School Zone Drug Distribution And Plea Agreements
- September 22, 2013
- No comments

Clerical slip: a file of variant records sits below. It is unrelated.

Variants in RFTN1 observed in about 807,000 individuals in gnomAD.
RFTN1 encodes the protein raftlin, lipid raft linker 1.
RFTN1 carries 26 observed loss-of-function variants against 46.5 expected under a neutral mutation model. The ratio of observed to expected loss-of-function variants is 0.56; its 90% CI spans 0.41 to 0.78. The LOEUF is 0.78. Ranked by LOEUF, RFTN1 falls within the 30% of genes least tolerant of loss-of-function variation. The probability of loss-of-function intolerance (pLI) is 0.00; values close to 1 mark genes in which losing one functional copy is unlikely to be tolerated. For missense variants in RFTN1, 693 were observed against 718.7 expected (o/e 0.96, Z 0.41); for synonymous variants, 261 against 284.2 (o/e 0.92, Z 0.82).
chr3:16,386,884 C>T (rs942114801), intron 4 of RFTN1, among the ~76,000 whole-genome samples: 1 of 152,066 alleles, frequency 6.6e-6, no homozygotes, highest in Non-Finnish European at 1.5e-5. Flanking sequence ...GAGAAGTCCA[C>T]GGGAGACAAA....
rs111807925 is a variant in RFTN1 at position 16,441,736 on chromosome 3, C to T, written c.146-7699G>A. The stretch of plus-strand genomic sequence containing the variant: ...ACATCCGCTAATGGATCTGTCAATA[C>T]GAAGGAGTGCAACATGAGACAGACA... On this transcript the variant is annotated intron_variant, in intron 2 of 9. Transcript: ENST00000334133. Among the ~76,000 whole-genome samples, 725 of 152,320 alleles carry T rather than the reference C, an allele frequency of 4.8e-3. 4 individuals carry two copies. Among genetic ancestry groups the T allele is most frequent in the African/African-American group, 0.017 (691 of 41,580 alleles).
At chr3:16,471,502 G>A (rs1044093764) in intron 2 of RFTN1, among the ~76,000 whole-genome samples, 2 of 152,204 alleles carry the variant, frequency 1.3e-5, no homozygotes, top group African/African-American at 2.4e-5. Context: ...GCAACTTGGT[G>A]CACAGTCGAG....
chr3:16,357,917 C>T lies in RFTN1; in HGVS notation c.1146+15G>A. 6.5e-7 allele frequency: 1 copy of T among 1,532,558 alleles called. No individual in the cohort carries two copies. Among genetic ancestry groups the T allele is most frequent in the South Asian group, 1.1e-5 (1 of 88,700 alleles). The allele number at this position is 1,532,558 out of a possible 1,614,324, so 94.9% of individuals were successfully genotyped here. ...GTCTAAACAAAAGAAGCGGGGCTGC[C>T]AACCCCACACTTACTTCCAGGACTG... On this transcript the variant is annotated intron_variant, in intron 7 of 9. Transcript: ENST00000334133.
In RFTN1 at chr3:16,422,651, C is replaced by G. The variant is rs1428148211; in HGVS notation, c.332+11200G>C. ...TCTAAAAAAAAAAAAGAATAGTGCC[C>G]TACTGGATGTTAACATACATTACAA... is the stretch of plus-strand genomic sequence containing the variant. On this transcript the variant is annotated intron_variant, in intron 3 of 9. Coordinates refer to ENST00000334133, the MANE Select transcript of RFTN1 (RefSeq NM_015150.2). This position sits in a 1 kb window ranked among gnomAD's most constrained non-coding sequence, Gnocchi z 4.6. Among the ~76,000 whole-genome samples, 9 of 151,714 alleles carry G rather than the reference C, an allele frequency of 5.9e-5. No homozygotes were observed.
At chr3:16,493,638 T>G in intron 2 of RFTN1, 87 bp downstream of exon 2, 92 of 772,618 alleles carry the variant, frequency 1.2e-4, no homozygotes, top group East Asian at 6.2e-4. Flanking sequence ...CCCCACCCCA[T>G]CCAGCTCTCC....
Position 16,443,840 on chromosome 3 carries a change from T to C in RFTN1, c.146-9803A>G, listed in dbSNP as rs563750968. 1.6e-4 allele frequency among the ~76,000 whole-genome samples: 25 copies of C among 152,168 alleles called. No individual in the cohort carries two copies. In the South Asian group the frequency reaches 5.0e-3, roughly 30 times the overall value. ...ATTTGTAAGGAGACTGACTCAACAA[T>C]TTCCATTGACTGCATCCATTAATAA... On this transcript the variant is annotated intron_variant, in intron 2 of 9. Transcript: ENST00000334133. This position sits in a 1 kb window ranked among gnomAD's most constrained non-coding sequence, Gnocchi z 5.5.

In State v. Gerns, the New Jersey Supreme Court set forth certain principles pertaining to plea agreements. Gerns was indicted for 3rd degree distribution of marijuana within 1,000 feet of school property (N.J.S.A. 2C:35-7); 3rd degree possession of marijuana with intent to distribute (N.J.S.A. 2C:35-5a11 and N.J.S.A. 2C:35-5b(11); 3rd degree possession of marijuana with intent to distribute within 1,000 feet of school property (N.J.S.A. 2C:35-7) and two counts of 4th degree distribution of marijuana (N.J.S.A. 2C:35-5a(1) and N.J.S.A. 2C:35-5b(12). The plea required cooperation with police in the apprehension of other drug offenders in exchange for softer sentencing. The Confidential Informer Contract called for a reduction in the defendant’s sentence based on the degree of cooperation received by the prosecutor. Gerns made efforts to cooperate but was unsuccessful as his arrest was known the others and he was assumed to be an informant and the prosecutor withheld any positive recommendation due to Gerns failure to offer valuable information. Gerns appealed the sentence as it was far in excess of the term promised in the plea agreement. The New Jersey Appellate Division found that the prosecutor acted in an arbitrary and capricious manner and remanded for resentencing. The Comprehensive Drug Reform Act of 1986, N.J.S.A 2C:35-1 to 36-9 (Drug Act) includes provisions for the protection of children from dealers in school zone cases and carries a presumption of mandatory imprisonment. However, a provision is also included, N.J.S.A. 2C:35-12, giving prosecutors authority to recommend lesser sentences in exchange for cooperation with law enforcement. Because of the great discretion given prosecutors, there is potential for abuse as well so prosecutors are required to place the reasons for their sentencing recommendations on the record at sentencing. The State defined cooperation as assistance from defendant resulting in valuable information to the State and refused to waive any mandatory minimums while Gerns argued he made a good faith effort to cooperate and also that the plea agreement did not define cooperation nor was the plea agreement specific as to the sentence it would recommend for cooperation. The state is required to define cooperation so the defendant’s plea may be voluntary, knowing and intelligently provided. A defendant is required to disclose all criminal activities known to them and partial performance may be considered if of tangible benefit to the prosecutor. It the prosecutor fails to reduce the sentence offered, the defendant has the right to explain the result in an effort to demonstrate the prosecutor’s decision was arbitrary and capricious. In Gerns, the NJ Appellate Division held that, when there is a reasonable misunderstanding, the defendant may 1) withdraw the guilty plea; 2) have a hearing to determine the level of benefit the state obtained from defendant’s cooperation; or 3) negotiate another plea. If you are facing criminal charges and believe a plea agreement is in your best interest, you should always review any agreement with an experienced criminal defense attorney to insure you are protected by its terms. Additionally, if you have accepted a plea under certain beliefs only to later find the prosecution was not offering what you thought or is now trying to modify the terms of the bargain you should consult with an attorney to protect your rights. For more information about plea offers, possession, distribution, distribution in a school zone, intent to distribute, drug charges or other criminal matters in New Jersey visit HeatherDarlingLawyer.com. This blog is for informational purposes only and not intended to replace the advice of an attorney.